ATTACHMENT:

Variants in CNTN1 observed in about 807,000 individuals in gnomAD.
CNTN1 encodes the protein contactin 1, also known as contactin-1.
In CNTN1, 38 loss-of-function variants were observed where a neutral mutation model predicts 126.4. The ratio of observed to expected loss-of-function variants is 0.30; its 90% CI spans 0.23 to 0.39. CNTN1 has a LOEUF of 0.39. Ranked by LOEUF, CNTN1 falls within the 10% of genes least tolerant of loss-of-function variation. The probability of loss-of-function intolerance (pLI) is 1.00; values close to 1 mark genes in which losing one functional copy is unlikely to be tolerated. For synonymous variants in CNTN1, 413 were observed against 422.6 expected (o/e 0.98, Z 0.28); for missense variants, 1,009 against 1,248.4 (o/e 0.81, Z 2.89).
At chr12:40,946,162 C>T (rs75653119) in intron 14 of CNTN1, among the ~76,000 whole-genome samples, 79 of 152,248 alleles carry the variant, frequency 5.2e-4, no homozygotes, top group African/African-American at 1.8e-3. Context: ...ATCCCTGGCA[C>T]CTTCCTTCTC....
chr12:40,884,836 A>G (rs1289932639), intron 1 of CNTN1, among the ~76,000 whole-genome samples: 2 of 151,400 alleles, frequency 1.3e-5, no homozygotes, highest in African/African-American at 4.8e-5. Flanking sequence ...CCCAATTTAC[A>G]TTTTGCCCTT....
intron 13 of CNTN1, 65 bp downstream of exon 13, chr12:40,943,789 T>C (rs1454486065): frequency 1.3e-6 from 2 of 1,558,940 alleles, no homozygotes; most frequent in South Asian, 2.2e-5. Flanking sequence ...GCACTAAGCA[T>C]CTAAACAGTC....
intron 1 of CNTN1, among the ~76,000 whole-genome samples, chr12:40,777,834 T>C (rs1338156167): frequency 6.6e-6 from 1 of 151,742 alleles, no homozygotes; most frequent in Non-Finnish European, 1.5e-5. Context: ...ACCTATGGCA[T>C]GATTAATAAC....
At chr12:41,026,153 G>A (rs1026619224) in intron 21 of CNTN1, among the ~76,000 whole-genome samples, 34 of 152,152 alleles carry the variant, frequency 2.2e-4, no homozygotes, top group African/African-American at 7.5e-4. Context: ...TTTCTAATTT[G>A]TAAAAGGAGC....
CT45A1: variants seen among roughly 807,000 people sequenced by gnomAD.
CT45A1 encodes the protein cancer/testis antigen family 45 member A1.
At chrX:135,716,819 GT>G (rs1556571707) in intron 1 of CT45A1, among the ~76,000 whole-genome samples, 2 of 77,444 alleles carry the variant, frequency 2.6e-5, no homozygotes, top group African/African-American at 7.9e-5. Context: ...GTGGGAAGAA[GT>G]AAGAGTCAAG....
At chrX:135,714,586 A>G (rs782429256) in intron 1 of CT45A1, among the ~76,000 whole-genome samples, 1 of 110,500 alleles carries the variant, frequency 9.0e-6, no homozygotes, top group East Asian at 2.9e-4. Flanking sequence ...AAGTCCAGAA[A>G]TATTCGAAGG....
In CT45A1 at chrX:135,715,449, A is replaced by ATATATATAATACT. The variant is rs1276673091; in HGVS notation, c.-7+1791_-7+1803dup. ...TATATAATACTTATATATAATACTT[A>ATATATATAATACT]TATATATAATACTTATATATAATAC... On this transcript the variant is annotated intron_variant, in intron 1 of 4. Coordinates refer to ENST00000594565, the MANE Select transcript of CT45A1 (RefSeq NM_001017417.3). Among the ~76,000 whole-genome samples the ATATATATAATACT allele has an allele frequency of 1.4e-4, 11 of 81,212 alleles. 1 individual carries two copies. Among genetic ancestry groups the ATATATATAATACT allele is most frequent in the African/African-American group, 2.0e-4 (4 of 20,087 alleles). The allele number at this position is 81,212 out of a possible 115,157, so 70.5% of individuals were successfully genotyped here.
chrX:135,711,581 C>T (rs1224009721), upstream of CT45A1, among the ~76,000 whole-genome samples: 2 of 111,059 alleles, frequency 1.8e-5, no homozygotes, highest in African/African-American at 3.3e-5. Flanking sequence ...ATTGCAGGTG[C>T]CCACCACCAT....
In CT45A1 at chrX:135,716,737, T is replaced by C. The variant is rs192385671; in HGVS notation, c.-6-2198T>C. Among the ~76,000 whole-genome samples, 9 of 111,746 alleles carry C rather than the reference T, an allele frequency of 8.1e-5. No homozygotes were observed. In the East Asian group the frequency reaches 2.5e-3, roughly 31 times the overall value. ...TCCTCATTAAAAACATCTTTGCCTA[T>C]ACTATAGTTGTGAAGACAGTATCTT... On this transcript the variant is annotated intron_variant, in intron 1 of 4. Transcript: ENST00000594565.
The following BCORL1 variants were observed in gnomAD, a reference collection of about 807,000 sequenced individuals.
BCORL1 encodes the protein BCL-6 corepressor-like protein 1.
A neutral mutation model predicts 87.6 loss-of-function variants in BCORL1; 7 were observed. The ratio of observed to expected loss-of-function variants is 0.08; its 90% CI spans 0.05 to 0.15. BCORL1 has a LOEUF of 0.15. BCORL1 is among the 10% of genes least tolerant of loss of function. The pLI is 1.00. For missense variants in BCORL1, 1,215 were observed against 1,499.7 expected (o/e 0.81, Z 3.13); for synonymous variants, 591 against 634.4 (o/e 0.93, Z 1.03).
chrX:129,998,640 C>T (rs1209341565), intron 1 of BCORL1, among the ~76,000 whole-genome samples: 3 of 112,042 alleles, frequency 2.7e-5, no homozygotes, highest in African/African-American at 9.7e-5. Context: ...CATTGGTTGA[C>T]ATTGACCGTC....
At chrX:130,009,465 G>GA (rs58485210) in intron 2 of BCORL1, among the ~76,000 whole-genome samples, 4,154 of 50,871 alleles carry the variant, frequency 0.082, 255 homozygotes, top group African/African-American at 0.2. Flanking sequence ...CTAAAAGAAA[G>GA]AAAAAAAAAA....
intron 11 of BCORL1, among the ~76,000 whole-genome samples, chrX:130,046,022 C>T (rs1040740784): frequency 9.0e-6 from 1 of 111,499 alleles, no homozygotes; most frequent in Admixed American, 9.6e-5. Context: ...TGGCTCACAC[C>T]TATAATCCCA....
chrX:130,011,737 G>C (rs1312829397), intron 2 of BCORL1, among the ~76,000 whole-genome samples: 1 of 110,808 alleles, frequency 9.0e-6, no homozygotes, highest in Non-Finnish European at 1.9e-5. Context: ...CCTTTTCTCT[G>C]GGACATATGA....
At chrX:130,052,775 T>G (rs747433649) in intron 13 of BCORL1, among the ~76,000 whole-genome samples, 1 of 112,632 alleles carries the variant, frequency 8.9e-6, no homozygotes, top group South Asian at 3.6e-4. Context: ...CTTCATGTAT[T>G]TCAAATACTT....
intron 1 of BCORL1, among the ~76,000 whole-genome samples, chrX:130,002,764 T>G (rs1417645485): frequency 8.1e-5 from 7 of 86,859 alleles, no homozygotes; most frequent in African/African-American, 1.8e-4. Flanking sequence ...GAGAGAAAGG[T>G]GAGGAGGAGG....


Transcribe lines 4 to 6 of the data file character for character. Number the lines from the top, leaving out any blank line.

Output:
At chr12:40,946,162 C>T (rs75653119) in intron 14 of CNTN1, among the ~76,000 whole-genome samples, 79 of 152,248 alleles carry the variant, frequency 5.2e-4, no homozygotes, top group African/African-American at 1.8e-3. Context: ...ATCCCTGGCA[C>T]CTTCCTTCTC....
chr12:40,884,836 A>G (rs1289932639), intron 1 of CNTN1, among the ~76,000 whole-genome samples: 2 of 151,400 alleles, frequency 1.3e-5, no homozygotes, highest in African/African-American at 4.8e-5. Flanking sequence ...CCCAATTTAC[A>G]TTTTGCCCTT....
intron 13 of CNTN1, 65 bp downstream of exon 13, chr12:40,943,789 T>C (rs1454486065): frequency 1.3e-6 from 2 of 1,558,940 alleles, no homozygotes; most frequent in South Asian, 2.2e-5. Flanking sequence ...GCACTAAGCA[T>C]CTAAACAGTC....